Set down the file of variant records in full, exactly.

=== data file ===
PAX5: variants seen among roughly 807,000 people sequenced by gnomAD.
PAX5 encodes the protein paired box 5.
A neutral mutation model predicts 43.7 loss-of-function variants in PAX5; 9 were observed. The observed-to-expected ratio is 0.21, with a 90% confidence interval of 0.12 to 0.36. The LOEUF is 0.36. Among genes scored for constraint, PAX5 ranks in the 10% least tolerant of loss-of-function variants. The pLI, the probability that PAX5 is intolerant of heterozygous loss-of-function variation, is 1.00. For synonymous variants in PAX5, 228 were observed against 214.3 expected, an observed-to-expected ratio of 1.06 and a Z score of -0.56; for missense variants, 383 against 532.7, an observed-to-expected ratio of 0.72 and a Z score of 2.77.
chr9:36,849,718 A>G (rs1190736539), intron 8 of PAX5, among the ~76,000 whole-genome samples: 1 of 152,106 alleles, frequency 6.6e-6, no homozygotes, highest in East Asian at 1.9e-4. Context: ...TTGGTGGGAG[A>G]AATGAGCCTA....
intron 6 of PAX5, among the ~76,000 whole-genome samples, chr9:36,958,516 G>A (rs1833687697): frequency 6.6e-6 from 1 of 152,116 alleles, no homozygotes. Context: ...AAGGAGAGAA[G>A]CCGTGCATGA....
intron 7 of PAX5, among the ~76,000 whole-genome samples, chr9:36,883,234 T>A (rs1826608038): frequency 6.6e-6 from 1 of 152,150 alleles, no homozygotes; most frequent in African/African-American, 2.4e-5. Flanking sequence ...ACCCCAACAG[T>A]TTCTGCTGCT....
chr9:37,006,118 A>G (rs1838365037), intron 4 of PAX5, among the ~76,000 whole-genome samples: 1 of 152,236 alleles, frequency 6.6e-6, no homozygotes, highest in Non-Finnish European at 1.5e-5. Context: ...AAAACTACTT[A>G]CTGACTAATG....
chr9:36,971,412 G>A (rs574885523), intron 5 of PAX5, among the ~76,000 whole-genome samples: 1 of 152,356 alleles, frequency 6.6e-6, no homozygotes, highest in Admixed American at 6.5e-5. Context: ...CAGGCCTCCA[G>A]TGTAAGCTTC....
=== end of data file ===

PAX5: variants seen among roughly 807,000 people sequenced by gnomAD.
PAX5 encodes the protein paired box 5.
A neutral mutation model predicts 43.7 loss-of-function variants in PAX5; 9 were observed. The observed-to-expected ratio is 0.21, with a 90% confidence interval of 0.12 to 0.36. The LOEUF is 0.36. Among genes scored for constraint, PAX5 ranks in the 10% least tolerant of loss-of-function variants. The pLI, the probability that PAX5 is intolerant of heterozygous loss-of-function variation, is 1.00. For synonymous variants in PAX5, 228 were observed against 214.3 expected, an observed-to-expected ratio of 1.06 and a Z score of -0.56; for missense variants, 383 against 532.7, an observed-to-expected ratio of 0.72 and a Z score of 2.77.
chr9:36,849,718 A>G (rs1190736539), intron 8 of PAX5, among the ~76,000 whole-genome samples: 1 of 152,106 alleles, frequency 6.6e-6, no homozygotes, highest in East Asian at 1.9e-4. Context: ...TTGGTGGGAG[A>G]AATGAGCCTA....
intron 6 of PAX5, among the ~76,000 whole-genome samples, chr9:36,958,516 G>A (rs1833687697): frequency 6.6e-6 from 1 of 152,116 alleles, no homozygotes. Context: ...AAGGAGAGAA[G>A]CCGTGCATGA....
intron 7 of PAX5, among the ~76,000 whole-genome samples, chr9:36,883,234 T>A (rs1826608038): frequency 6.6e-6 from 1 of 152,150 alleles, no homozygotes; most frequent in African/African-American, 2.4e-5. Flanking sequence ...ACCCCAACAG[T>A]TTCTGCTGCT....
chr9:37,006,118 A>G (rs1838365037), intron 4 of PAX5, among the ~76,000 whole-genome samples: 1 of 152,236 alleles, frequency 6.6e-6, no homozygotes, highest in Non-Finnish European at 1.5e-5. Context: ...AAAACTACTT[A>G]CTGACTAATG....
chr9:36,971,412 G>A (rs574885523), intron 5 of PAX5, among the ~76,000 whole-genome samples: 1 of 152,356 alleles, frequency 6.6e-6, no homozygotes, highest in Admixed American at 6.5e-5. Context: ...CAGGCCTCCA[G>A]TGTAAGCTTC....